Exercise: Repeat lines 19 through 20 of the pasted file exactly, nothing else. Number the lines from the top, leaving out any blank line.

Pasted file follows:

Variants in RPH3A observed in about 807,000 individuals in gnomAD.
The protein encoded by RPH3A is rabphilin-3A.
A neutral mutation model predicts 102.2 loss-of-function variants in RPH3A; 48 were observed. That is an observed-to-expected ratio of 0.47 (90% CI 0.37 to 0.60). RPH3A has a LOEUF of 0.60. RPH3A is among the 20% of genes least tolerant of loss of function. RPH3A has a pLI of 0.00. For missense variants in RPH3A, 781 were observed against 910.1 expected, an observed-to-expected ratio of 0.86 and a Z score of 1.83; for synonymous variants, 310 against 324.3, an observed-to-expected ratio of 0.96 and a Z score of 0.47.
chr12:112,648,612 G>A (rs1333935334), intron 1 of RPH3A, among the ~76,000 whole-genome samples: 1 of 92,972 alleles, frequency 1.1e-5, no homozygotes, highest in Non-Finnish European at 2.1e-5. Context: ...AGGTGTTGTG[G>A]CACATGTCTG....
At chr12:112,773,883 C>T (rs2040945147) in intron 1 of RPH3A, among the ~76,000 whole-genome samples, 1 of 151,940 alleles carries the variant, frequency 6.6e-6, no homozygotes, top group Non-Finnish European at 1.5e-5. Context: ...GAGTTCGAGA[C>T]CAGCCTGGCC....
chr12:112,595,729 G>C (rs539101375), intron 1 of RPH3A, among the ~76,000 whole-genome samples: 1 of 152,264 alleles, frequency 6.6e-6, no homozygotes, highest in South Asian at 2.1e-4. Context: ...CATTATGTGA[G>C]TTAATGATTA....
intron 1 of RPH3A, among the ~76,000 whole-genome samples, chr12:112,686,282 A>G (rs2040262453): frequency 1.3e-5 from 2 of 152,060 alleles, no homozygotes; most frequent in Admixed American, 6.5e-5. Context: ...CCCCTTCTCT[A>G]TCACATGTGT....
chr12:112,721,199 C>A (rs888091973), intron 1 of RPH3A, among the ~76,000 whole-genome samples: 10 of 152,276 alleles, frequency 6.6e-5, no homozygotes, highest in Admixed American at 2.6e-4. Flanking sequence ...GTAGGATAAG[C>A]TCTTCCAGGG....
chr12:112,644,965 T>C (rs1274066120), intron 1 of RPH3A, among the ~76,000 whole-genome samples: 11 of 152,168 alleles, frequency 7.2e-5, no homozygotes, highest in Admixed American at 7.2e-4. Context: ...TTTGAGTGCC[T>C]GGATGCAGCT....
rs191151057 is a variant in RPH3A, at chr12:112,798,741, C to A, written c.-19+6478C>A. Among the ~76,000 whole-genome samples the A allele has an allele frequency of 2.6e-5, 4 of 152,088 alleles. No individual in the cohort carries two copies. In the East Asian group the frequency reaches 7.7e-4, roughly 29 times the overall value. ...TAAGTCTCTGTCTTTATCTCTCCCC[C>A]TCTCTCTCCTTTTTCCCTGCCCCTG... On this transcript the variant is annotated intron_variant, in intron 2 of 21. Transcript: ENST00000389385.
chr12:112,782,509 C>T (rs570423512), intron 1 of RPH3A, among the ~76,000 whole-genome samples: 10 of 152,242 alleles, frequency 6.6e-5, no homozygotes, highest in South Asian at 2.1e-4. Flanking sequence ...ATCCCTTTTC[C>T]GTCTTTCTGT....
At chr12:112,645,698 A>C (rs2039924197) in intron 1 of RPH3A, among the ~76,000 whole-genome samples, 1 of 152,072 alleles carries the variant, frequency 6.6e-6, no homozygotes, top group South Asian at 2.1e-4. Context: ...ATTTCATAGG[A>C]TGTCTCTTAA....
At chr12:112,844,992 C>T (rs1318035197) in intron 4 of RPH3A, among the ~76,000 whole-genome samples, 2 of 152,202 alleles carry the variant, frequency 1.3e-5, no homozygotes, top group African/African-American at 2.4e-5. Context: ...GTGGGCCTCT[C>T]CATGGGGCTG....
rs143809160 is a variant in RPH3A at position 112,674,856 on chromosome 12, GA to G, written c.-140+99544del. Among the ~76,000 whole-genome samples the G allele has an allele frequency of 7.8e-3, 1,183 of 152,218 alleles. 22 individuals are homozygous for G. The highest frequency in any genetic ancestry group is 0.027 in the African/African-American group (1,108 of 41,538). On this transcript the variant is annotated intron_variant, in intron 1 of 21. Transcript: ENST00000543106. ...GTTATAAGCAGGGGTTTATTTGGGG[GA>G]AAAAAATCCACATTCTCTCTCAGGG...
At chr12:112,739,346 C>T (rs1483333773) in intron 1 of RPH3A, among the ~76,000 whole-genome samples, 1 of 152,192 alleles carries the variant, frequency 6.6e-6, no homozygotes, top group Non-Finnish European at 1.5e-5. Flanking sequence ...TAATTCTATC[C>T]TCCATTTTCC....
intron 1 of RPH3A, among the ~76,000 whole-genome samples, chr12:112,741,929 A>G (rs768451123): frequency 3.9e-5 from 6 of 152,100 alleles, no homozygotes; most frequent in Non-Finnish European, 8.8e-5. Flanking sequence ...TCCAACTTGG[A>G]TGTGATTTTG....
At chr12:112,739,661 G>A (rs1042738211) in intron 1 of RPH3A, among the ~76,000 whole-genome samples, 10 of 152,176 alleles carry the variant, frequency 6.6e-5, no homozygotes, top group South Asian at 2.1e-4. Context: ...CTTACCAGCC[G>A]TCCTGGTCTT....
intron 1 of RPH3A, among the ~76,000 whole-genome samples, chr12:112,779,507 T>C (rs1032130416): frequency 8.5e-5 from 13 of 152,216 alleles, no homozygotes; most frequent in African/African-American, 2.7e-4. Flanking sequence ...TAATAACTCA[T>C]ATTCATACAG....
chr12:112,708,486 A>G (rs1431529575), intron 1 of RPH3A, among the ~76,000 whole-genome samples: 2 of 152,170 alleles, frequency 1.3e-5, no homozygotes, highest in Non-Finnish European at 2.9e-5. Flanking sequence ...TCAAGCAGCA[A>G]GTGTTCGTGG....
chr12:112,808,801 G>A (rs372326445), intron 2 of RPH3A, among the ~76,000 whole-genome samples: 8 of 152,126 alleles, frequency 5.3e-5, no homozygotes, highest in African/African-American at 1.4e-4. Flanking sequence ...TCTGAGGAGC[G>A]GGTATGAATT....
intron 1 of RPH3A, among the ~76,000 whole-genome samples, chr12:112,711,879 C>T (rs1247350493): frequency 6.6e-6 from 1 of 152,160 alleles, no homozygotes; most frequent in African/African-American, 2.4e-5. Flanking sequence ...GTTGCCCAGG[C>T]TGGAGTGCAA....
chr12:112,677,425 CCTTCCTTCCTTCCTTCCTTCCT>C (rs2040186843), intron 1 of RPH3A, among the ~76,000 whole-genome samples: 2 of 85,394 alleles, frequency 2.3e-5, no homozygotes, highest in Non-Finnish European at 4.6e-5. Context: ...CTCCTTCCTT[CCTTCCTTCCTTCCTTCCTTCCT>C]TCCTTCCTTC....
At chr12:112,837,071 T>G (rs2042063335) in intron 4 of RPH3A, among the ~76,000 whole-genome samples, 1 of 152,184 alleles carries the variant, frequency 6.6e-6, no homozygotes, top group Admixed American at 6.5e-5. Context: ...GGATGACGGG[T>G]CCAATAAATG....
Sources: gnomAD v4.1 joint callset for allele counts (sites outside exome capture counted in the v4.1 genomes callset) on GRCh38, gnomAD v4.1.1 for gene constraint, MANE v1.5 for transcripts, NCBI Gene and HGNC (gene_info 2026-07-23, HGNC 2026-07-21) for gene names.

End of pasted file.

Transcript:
chr12:112,708,486 A>G (rs1431529575), intron 1 of RPH3A, among the ~76,000 whole-genome samples: 2 of 152,170 alleles, frequency 1.3e-5, no homozygotes, highest in Non-Finnish European at 2.9e-5. Flanking sequence ...TCAAGCAGCA[A>G]GTGTTCGTGG....
chr12:112,808,801 G>A (rs372326445), intron 2 of RPH3A, among the ~76,000 whole-genome samples: 8 of 152,126 alleles, frequency 5.3e-5, no homozygotes, highest in African/African-American at 1.4e-4. Flanking sequence ...TCTGAGGAGC[G>A]GGTATGAATT....